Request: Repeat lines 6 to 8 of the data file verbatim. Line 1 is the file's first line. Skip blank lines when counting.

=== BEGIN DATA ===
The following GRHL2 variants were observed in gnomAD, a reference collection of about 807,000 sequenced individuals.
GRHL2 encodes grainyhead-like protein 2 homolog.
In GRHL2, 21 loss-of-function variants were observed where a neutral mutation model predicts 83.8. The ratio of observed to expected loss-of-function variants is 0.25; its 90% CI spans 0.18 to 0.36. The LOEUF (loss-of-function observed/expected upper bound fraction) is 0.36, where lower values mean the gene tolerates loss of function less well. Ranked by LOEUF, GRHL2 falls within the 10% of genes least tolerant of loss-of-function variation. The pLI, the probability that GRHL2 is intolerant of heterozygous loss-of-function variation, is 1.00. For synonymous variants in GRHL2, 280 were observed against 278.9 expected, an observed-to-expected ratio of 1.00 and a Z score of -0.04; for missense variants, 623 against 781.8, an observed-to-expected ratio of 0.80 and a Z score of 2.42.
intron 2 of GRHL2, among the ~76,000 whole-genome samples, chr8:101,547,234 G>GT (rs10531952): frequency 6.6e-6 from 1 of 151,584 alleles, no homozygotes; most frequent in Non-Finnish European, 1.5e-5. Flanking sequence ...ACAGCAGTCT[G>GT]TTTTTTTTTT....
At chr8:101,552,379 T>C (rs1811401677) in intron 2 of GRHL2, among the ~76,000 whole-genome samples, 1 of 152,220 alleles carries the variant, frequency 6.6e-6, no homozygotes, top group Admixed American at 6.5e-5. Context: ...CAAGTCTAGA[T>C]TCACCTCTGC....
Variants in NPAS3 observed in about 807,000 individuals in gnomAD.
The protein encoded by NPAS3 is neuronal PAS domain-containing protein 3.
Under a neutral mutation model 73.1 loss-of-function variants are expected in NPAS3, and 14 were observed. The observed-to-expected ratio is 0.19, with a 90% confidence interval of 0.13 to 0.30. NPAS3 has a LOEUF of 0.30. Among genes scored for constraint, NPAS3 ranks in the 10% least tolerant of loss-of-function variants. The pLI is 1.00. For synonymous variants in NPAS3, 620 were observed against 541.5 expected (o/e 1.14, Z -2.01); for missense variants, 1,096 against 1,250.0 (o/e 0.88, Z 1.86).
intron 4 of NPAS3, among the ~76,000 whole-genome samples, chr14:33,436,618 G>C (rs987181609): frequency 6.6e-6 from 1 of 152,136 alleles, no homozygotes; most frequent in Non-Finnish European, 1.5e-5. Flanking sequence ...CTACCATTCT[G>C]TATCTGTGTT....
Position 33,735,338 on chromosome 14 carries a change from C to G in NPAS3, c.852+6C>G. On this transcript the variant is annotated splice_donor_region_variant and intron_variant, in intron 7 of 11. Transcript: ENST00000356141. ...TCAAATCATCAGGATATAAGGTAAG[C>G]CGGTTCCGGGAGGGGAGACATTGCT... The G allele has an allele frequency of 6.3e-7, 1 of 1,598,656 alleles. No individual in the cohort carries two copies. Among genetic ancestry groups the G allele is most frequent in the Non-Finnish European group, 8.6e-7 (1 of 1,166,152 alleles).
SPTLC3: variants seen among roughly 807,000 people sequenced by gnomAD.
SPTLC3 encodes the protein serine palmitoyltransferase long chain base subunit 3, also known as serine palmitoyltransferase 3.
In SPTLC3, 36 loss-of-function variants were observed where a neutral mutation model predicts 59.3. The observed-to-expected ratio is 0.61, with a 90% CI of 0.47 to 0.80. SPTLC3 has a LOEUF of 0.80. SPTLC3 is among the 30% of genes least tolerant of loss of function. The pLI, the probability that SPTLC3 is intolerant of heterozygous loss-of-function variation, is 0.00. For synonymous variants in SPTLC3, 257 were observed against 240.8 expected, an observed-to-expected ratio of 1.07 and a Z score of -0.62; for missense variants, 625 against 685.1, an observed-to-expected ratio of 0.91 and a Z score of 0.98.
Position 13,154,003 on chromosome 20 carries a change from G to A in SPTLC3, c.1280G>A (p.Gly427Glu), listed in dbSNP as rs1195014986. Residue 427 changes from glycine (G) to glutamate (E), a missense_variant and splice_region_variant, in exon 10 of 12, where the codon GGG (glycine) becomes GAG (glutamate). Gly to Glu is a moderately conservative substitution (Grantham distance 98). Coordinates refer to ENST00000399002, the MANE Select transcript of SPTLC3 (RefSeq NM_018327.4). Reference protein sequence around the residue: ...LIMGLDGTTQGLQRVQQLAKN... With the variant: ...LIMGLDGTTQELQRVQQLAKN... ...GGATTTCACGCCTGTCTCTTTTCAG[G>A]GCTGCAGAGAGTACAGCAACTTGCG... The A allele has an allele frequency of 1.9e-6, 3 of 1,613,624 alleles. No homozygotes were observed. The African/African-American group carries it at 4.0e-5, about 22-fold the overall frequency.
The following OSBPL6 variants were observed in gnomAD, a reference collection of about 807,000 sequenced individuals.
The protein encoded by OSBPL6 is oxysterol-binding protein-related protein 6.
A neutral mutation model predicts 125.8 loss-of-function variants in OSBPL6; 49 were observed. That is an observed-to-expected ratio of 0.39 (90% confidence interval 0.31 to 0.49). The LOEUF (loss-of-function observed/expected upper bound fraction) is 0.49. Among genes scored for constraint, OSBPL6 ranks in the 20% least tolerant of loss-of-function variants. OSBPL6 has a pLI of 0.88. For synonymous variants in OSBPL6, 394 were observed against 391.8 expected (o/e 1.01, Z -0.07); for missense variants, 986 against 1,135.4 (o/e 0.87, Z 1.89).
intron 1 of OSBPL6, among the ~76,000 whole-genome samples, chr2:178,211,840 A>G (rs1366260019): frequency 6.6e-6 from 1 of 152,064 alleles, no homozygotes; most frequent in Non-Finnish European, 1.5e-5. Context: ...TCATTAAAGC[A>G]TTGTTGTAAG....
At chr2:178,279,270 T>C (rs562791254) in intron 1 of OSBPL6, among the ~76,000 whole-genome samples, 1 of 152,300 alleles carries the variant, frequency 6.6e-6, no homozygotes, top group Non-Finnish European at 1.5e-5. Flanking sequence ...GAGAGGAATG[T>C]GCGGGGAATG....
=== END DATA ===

Variants in NPAS3 observed in about 807,000 individuals in gnomAD.
The protein encoded by NPAS3 is neuronal PAS domain-containing protein 3.
Under a neutral mutation model 73.1 loss-of-function variants are expected in NPAS3, and 14 were observed. The observed-to-expected ratio is 0.19, with a 90% confidence interval of 0.13 to 0.30. NPAS3 has a LOEUF of 0.30. Among genes scored for constraint, NPAS3 ranks in the 10% least tolerant of loss-of-function variants. The pLI is 1.00. For synonymous variants in NPAS3, 620 were observed against 541.5 expected (o/e 1.14, Z -2.01); for missense variants, 1,096 against 1,250.0 (o/e 0.88, Z 1.86).